25th Ordinary – Year B – (2009) – Do Not Go Thru Life Too Fast!
Bottom line: Just like the young and successful executive, we might be self-focused. We might go through life without paying any attention to the people around us. But God sends into our paths “little bricks,” not to kill us, but to get our attention, to refocus our way of life, to get us back on track. Though, those little bricks might hurt us sometimes, since the truth hurts, but they will not kill us. Pay attention, because those bricks are on their way.
Father Martino Nguyen Ba-Thong (St. Teresa of Avila Grovetown, GA)
25th Ordinary – Year B – (2009)
Do Not Go Thru Life Too Fast!
True story! About ten years ago, a young and very successful executive was traveling down a Chicago neighborhood street. He was going a bit too fast in his brand new sleek, black 12 cylinder Jaguar XKE. He was watching for kids darting out from between parked cars. As his car passed, no kid darted out. But a brick sailed out and WHUMP! – It smashed into the Jag’s shiny black side door.
SCREECH! – The brake slammed. Gears ground into reverse and tires madly spun the Jaguar back to the spot from where the brick had been thrown. He jumped out of the car, grabbed the kid, and pushed him up against a parked car, shouting, “What was that all about and who are you?” Building up a head of steam he went on “That is my new Jag. That brick you threw is gonna cost you a lot of money. Why did you do that?”
“Please, mister, please, … I am sorry! I did not know what else to do!” Pleaded the youngster. “I threw the brick because no one else would stop!” Tears were dripping down the boy’s chin as he pointed around the parked car. “It is my brother, mister,” he said. “He rolled off the curb and fell out of his wheelchair and I can’t lift him up.” Sobbing, the boy asked the young executive, “would you please help me get him back into his wheelchair? He is hurt and he is too heavy for me.”
Moved beyond words, the young executive tried desperately to swallow the rapidly swelling lump in his throat. Straining, he lifted the young man back into his wheelchair and took out his handkerchief and wiped the scrapes and cuts, checking to see that the boy was ok.
“Thank you Sir! God bless you!” The youngster said and rolled his brother toward their home as the young executive silently watched.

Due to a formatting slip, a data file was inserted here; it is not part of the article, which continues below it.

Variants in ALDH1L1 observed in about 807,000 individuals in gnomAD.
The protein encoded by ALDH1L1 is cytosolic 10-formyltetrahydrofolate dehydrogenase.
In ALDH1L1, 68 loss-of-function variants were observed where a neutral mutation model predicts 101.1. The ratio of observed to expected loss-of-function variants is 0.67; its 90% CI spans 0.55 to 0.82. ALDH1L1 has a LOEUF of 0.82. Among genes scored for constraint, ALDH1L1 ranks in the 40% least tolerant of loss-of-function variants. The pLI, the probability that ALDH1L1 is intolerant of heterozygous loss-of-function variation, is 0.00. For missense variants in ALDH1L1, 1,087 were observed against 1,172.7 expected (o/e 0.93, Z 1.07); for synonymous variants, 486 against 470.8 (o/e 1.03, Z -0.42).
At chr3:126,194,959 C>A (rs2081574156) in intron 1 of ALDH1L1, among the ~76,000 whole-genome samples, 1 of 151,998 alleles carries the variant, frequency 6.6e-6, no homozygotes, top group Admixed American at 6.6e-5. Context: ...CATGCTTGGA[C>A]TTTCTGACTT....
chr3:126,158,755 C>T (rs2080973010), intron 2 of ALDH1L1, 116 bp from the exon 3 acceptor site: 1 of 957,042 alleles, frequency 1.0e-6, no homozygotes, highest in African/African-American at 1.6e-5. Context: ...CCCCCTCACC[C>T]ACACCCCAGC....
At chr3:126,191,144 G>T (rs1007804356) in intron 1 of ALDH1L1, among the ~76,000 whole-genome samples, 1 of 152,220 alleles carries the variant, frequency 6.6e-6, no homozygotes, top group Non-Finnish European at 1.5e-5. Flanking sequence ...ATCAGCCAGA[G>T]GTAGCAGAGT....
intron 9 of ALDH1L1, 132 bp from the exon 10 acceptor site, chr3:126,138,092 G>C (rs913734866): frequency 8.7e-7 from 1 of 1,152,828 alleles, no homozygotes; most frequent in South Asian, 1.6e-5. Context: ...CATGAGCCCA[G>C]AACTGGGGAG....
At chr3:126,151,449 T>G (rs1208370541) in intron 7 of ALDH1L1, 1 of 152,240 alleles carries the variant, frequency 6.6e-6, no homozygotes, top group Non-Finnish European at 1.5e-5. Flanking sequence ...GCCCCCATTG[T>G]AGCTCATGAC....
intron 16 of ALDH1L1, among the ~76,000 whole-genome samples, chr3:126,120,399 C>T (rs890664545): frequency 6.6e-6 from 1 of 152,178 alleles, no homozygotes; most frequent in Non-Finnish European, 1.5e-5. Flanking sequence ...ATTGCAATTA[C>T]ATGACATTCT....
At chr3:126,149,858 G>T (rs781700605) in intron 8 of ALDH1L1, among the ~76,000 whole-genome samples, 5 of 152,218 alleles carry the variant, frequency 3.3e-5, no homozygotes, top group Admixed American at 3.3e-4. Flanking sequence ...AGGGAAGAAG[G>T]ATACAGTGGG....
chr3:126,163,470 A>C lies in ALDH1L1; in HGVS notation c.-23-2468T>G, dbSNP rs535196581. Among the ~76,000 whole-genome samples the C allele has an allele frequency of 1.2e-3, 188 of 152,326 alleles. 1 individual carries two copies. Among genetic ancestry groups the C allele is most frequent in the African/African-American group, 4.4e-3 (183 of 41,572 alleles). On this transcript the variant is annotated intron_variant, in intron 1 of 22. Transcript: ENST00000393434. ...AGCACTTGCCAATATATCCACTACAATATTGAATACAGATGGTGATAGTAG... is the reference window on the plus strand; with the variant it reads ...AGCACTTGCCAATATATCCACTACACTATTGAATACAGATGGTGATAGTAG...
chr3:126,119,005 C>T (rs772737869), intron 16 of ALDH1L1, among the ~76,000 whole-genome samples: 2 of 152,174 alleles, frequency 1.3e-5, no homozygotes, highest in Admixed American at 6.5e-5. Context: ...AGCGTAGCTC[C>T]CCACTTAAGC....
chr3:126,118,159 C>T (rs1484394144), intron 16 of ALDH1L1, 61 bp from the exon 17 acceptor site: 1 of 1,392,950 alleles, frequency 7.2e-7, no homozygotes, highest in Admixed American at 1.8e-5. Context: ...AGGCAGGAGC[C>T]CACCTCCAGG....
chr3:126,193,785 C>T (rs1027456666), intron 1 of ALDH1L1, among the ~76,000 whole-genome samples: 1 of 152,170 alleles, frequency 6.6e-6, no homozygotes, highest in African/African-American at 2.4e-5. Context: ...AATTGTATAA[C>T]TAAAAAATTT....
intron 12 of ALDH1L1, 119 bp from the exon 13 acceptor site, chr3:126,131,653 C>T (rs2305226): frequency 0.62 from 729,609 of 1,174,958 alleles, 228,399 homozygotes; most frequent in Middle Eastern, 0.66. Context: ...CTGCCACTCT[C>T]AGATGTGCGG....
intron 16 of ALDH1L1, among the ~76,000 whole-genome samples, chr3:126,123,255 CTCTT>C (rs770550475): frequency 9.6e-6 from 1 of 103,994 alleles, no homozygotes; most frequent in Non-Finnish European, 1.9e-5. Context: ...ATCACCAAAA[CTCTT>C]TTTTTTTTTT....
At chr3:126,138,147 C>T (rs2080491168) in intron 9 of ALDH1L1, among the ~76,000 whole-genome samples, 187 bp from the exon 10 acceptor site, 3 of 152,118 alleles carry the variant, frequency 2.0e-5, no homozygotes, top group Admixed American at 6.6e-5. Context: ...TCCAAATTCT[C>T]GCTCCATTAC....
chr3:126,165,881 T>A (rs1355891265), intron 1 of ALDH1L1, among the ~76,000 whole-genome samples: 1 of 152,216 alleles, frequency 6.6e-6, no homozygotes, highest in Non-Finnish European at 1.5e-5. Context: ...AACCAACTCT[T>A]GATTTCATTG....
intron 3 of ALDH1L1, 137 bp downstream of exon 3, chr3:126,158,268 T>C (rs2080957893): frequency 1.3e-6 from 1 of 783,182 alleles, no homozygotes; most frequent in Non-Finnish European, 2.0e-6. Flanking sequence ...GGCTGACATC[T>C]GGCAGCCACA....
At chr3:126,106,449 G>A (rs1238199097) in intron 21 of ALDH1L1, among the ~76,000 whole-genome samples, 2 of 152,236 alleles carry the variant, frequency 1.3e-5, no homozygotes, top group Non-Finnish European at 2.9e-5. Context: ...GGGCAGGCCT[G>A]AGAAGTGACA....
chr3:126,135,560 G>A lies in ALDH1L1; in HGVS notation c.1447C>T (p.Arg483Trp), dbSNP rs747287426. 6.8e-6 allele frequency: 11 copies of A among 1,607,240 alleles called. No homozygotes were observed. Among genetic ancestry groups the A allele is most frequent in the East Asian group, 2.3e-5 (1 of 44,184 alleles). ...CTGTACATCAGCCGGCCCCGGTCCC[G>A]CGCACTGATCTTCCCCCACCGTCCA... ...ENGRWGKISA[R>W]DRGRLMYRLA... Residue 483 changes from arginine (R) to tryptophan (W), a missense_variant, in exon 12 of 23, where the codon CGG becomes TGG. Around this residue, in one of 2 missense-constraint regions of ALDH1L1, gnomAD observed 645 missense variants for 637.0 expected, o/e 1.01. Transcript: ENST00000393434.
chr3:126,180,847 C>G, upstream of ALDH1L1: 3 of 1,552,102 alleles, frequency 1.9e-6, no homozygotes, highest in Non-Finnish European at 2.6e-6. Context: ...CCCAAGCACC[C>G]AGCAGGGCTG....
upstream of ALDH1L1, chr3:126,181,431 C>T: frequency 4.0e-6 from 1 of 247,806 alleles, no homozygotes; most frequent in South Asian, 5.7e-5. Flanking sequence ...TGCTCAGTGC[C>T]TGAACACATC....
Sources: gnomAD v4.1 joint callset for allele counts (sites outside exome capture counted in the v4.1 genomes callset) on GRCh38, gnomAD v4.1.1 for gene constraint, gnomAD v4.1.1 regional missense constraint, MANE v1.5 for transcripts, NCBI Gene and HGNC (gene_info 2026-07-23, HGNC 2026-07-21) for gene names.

It was a long walk back to the sleek, black, shinning, twelve cylinder Jaguar XKE – A long and slow walk.
He never did fix the side door of his Jaguar. He kept the door to remind him not to go through life so fast that someone has to throw a brick at him to get his attention….
Dear sisters and brothers in Christ, we are living in a culture that Pope John Paul the second calls “the Culture of Sin” but there are others who are more aggressive and call it the “culture of death.” They might be right. When we ignore people’s opinion and make them listen to our voice; when we ignore people’s goods and only care for our own; when we choose death over life, in the battle of abortion; and more importantly, when we choose material things over God, while our lips proclaim that we are Catholics, and are God’s followers. Are we paying homage to God with our lips and not with our hearts?
If that is the culture we live in, then, dear brothers and sisters, we will never be at the service of our neighbors and loved ones, and be the least and a servant among our brothers. That is why “Then Jesus took a little child and put it among them; and taking it in his arms, he said to them, ‘Whoever welcomes one such child in my name welcomes me, and whoever welcomes me welcomes not me but the one who sent me'” (Mark 9:36-37).
The critical importance of this declaration lies in this: that unless we welcome the child, all our efforts to accept the Lord Jesus as our personal Lord and saviour may be as unproductive as the efforts of the disciples to follow Jesus. To accept the child, to top and help a child (a hlepless person) can mean more than one thing, but one thing it must include accepting the child part of our personality. With this we become less calculating, less concerned about our personal dignity or shame, less afraid of failure and death, and less grabbing for power and success. With more of the child energy, we shall be more disposed to take a leap in the dark, to let go. Then, only, does believing and following Jesus become possible.
Jesus challenges us today to make room for the childlike energy of trust, of laughter, of cooperation with one another – of willing to lend a hand to whose in need no matter what. Whether we are nine years old or ninety-nine, and whether we are the firstborn, the last-born, or the only child of the family, the message of Jesus challenges us all to become young at heart. This is the only way to join the company of the younger sons and daughters of the Bible to whom the kingdom of God belongs.
Just like the young and successful executive, we might be self-focused. We might go through life without paying any attention to the people around us. But God sends into our paths “little bricks,” not to kill us, but to get our attention, to refocus our way of life, to get us back on track. Though, those little bricks might hurt us sometimes, since the truth hurts, but they will not kill us. Pay attention, because those bricks are on their way.
Some bricks are softer than others. Feel the bricks of life coming to and at you. Take time to stop and help! I ask you, I beg you and I challenge you!
Father Martino Nguyen Ba-Thong